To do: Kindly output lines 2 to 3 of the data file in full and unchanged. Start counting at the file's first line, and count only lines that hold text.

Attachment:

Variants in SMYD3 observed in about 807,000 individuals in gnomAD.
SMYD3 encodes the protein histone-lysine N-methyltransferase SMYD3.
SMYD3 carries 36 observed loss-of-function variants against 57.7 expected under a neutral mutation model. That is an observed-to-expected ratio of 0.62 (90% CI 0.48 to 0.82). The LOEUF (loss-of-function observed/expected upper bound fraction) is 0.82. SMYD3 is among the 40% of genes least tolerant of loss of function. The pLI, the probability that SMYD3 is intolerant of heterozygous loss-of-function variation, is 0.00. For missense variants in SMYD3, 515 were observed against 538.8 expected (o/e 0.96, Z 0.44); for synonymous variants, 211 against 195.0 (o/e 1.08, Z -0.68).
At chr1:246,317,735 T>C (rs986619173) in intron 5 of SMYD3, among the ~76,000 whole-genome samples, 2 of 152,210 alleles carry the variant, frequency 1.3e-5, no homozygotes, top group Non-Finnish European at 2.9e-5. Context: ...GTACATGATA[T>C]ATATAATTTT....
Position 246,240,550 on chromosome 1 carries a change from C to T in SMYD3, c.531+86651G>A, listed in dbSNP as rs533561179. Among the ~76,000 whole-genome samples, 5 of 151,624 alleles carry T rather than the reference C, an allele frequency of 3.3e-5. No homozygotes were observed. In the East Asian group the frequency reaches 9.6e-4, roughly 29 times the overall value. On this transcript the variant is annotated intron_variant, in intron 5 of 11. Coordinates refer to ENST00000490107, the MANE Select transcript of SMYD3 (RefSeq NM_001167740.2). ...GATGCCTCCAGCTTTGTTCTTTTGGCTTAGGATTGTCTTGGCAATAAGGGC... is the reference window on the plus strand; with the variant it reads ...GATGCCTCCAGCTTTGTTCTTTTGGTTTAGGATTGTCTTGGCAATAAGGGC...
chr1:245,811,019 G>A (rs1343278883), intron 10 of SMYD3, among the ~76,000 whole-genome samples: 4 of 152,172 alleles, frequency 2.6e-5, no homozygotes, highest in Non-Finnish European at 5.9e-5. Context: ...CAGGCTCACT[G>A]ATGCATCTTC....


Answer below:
SMYD3 encodes the protein histone-lysine N-methyltransferase SMYD3.
SMYD3 carries 36 observed loss-of-function variants against 57.7 expected under a neutral mutation model. That is an observed-to-expected ratio of 0.62 (90% CI 0.48 to 0.82). The LOEUF (loss-of-function observed/expected upper bound fraction) is 0.82. SMYD3 is among the 40% of genes least tolerant of loss of function. The pLI, the probability that SMYD3 is intolerant of heterozygous loss-of-function variation, is 0.00. For missense variants in SMYD3, 515 were observed against 538.8 expected (o/e 0.96, Z 0.44); for synonymous variants, 211 against 195.0 (o/e 1.08, Z -0.68).